When the final whistle sounded on the Women’s World Cup final Sunday, Carli Lloyd dropped to her knees near the sideline and looked to the open roof at BC Place, pumping her arms before teammate Heather O’Reilly embraced her.

Players and coaches penned in the bench area flooded the field like water released from a dam. Tears flowed. Flags snapped throughout stands filled with American supporters.

The 16-year wait was over: By virtue of a 5-2 victory over Japan, the U.S. women's national soccer team was world champion for a record third time.

“I envisioned winning the trophy,” said Coach Jill Ellis, a graduate of Robinson Secondary School and William and Mary in Virginia, “but five is a dream come true.”

Team USA in the FIFA Women’s World Cup

With Vice President Biden among 53,341 in attendance, Lloyd gave one of the great performances in men’s or women’s tournament history, scoring three goals in the first 16 minutes, including a shot from the midfield line some 55 yards away.

Lloyd, who had beaten Japan for the 2012 Olympic gold medal with two goals, set championship marks for the fastest goal (three minutes) and first hat trick. She became the first American to score three times in a World Cup game since the inaugural event in 1991.

“She always does this to us,” Japan Coach Norio Sasaki said. “We are a bit embarrassed, but she is an excellent player and I admire her.”

After underperforming in the three-game group stage, the 32-year-old midfielder from Delran, N.J., and Rutgers University scored in four consecutive knockout rounds to claim a share of the scoring title with Germany's Celia Sasic (six goals).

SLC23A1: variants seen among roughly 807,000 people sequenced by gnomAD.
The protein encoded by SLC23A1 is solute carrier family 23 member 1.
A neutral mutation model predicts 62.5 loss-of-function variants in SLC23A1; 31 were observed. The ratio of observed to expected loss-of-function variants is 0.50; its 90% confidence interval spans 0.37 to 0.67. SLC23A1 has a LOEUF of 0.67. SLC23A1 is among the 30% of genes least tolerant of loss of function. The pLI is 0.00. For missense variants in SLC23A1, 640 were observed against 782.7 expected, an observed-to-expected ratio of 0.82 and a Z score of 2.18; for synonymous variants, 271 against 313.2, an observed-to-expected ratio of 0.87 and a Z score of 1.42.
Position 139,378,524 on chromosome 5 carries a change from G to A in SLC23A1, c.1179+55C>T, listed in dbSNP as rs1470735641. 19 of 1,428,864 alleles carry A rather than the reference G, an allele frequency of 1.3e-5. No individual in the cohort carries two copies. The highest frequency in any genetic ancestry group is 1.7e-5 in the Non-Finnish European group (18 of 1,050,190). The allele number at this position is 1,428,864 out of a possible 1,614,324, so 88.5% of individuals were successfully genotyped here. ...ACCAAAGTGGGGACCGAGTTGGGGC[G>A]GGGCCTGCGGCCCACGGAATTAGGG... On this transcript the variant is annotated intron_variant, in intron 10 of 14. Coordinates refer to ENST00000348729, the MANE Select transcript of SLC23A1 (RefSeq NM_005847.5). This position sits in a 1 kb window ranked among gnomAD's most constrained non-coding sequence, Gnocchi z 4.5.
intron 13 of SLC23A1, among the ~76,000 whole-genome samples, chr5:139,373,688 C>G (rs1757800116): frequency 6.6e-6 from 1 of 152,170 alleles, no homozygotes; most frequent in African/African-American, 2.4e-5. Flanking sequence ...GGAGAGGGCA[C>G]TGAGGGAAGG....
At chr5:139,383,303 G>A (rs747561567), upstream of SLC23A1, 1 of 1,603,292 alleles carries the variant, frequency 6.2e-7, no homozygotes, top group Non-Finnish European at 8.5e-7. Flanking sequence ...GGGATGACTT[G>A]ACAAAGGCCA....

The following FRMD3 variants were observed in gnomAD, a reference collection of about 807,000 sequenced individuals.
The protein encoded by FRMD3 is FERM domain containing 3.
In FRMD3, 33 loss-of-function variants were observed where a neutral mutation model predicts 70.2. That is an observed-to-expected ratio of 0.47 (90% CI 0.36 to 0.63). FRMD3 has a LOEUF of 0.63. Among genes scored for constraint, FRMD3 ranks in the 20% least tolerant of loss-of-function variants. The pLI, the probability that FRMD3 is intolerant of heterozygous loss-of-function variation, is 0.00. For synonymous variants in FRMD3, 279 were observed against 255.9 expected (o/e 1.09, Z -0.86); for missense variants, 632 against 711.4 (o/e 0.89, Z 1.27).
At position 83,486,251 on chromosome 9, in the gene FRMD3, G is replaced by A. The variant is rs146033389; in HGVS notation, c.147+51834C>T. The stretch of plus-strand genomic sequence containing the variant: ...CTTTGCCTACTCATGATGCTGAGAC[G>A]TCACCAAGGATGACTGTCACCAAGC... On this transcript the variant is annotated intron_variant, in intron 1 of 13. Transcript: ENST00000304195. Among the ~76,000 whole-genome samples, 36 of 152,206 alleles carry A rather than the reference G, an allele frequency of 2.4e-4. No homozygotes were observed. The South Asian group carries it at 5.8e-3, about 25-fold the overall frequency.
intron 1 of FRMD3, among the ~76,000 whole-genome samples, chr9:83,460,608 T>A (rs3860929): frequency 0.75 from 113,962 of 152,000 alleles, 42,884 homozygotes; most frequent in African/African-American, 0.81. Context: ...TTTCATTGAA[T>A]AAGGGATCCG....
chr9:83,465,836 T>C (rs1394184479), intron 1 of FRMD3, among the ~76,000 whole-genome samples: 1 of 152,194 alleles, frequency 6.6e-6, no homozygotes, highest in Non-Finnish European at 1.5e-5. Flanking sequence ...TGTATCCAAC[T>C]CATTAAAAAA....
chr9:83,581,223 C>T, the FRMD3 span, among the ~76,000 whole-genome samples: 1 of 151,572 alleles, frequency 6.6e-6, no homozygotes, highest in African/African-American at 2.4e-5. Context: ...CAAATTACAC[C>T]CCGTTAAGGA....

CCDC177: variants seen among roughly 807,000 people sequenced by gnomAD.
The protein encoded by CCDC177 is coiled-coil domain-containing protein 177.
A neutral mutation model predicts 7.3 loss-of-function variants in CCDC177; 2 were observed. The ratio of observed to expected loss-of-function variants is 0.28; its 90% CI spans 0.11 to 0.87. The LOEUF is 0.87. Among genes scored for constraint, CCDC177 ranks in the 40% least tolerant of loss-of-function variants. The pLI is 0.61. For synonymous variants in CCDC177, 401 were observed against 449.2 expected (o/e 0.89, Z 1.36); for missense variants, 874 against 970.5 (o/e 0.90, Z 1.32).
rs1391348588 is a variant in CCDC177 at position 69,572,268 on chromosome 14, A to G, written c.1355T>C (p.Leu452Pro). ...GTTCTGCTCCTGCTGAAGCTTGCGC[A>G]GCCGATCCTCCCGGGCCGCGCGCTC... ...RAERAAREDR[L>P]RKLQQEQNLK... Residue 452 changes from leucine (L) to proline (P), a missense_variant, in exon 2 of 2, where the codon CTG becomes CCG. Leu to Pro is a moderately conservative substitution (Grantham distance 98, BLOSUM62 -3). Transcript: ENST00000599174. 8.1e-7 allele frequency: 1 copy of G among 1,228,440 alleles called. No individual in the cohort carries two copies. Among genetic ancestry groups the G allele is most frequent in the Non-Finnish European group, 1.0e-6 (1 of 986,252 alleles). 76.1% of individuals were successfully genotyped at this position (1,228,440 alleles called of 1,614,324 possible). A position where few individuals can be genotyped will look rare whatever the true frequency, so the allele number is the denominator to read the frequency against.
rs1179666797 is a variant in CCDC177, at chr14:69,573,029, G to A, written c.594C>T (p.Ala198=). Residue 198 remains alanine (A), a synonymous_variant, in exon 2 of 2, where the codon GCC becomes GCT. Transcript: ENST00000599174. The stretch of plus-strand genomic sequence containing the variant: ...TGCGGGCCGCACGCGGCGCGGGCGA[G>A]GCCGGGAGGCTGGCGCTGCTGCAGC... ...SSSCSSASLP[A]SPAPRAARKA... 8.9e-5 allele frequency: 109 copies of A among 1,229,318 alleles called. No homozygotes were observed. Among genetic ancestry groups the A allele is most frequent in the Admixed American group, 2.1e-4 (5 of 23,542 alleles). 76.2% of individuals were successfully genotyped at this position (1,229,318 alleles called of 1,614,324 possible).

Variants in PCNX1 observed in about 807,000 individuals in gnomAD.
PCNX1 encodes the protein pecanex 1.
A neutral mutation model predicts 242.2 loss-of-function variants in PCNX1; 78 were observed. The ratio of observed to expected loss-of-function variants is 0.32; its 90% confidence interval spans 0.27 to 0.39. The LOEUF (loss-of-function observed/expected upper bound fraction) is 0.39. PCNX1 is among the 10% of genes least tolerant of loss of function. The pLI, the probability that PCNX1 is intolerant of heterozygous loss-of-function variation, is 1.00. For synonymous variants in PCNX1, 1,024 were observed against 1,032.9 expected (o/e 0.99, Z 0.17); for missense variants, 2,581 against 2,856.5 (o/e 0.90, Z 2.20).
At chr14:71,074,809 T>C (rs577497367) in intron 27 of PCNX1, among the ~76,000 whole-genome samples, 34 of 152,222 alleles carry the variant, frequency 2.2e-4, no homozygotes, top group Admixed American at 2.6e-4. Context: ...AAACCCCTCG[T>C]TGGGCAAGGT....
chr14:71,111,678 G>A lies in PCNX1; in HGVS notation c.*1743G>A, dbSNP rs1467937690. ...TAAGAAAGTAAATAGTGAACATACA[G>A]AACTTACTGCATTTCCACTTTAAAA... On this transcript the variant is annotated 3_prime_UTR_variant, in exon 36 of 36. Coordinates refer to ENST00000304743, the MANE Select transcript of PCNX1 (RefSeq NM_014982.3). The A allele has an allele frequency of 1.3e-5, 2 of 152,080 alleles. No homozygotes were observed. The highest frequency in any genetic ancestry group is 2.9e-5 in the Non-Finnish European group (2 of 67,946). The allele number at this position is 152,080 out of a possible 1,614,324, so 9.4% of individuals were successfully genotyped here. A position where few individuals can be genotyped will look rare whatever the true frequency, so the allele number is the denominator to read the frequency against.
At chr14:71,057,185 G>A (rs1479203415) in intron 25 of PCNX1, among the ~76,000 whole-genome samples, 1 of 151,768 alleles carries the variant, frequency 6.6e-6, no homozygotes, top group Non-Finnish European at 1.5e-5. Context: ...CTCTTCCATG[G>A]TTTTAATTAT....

Lloyd won the Golden Ball award as the tournament's most outstanding player. Hope Solo earned the Golden Glove as the best goalkeeper.

During a break a few weeks before the tournament began, Lloyd was home in New Jersey, training on her own.

The morning after a crushing 5-2 victory for the U.S. women’s soccer team over Japan in the World Cup final in Vancouver left America fans cheering. (Reuters)

“Just my headphones, myself and I,” she said. “I just completely zoned out and dreamed of playing in a World Cup final and visualized scoring four goals. It sounds pretty funny, but you can be physically strong, but if your mental state isn’t good enough, you can’t bring yourself to bigger and better things.”

The outcome was sweet redemption for Lloyd and 13 other holdovers who not only had lost to Japan in the 2011 final, but, for four years, carried the burden of unfulfilled expectations dating back to the Rose Bowl party in 1999.

Reminders of the last championship tailed this squad for years. The narrative was inescapable and, with the title in reach, it crested ahead of the final. Several members of the last trophy-winning team were in the audience: Mia Hamm, Briana Scurry, Julie Foudy and Michelle Akers, among others.

Beyond the team feat, individuals embraced the moment. In her fourth and final tournament, Abby Wambach, the sport's highest international scorer regardless of gender, added a World Cup title to her substantial portfolio. As she entered in the 79th minute, Lloyd handed her the captain’s armband.